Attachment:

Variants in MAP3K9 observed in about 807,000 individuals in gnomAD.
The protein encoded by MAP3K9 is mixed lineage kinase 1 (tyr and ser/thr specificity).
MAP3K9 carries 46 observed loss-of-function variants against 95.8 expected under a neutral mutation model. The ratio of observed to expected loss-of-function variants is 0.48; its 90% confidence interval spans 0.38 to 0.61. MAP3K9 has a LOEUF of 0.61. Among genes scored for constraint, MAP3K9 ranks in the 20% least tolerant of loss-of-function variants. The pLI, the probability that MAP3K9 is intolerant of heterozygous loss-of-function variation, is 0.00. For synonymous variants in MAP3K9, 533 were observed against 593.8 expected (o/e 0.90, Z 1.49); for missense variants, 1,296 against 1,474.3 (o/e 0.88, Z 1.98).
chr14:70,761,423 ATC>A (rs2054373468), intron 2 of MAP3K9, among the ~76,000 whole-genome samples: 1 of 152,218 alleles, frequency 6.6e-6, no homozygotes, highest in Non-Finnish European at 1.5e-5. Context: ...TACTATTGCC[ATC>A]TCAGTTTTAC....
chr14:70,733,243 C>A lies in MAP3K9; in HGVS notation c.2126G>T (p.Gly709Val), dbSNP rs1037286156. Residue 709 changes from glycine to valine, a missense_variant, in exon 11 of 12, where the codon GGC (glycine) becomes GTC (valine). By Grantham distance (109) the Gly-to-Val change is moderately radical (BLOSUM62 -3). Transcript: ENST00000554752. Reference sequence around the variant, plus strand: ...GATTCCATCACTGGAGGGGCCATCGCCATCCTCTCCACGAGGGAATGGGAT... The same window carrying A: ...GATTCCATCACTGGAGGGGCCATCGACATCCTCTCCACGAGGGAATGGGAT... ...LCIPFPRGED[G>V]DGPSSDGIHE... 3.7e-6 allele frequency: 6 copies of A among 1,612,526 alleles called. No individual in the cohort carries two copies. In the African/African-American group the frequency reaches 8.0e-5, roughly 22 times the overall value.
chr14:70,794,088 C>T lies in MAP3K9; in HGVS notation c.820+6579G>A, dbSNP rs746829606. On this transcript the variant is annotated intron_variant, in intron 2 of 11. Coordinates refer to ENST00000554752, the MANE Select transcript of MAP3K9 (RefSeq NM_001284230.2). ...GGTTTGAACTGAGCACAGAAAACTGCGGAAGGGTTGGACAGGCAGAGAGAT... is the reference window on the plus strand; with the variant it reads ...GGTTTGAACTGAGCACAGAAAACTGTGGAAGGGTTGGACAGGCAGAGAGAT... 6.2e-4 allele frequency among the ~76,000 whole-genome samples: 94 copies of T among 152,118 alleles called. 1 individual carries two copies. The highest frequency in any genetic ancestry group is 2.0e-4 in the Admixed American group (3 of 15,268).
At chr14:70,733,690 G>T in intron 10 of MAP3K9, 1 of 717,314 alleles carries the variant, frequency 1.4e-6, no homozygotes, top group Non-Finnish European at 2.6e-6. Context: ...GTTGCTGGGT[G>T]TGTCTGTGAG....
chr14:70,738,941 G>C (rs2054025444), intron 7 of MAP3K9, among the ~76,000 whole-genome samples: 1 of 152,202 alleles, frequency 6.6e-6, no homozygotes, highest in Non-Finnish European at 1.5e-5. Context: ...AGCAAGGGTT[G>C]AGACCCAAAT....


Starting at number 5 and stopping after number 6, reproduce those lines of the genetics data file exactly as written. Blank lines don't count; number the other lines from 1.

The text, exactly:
chr14:70,733,243 C>A lies in MAP3K9; in HGVS notation c.2126G>T (p.Gly709Val), dbSNP rs1037286156. Residue 709 changes from glycine to valine, a missense_variant, in exon 11 of 12, where the codon GGC (glycine) becomes GTC (valine). By Grantham distance (109) the Gly-to-Val change is moderately radical (BLOSUM62 -3). Transcript: ENST00000554752. Reference sequence around the variant, plus strand: ...GATTCCATCACTGGAGGGGCCATCGCCATCCTCTCCACGAGGGAATGGGAT... The same window carrying A: ...GATTCCATCACTGGAGGGGCCATCGACATCCTCTCCACGAGGGAATGGGAT... ...LCIPFPRGED[G>V]DGPSSDGIHE... 3.7e-6 allele frequency: 6 copies of A among 1,612,526 alleles called. No individual in the cohort carries two copies. In the African/African-American group the frequency reaches 8.0e-5, roughly 22 times the overall value.
chr14:70,794,088 C>T lies in MAP3K9; in HGVS notation c.820+6579G>A, dbSNP rs746829606. On this transcript the variant is annotated intron_variant, in intron 2 of 11. Coordinates refer to ENST00000554752, the MANE Select transcript of MAP3K9 (RefSeq NM_001284230.2). ...GGTTTGAACTGAGCACAGAAAACTGCGGAAGGGTTGGACAGGCAGAGAGAT... is the reference window on the plus strand; with the variant it reads ...GGTTTGAACTGAGCACAGAAAACTGTGGAAGGGTTGGACAGGCAGAGAGAT... 6.2e-4 allele frequency among the ~76,000 whole-genome samples: 94 copies of T among 152,118 alleles called. 1 individual carries two copies. The highest frequency in any genetic ancestry group is 2.0e-4 in the Admixed American group (3 of 15,268).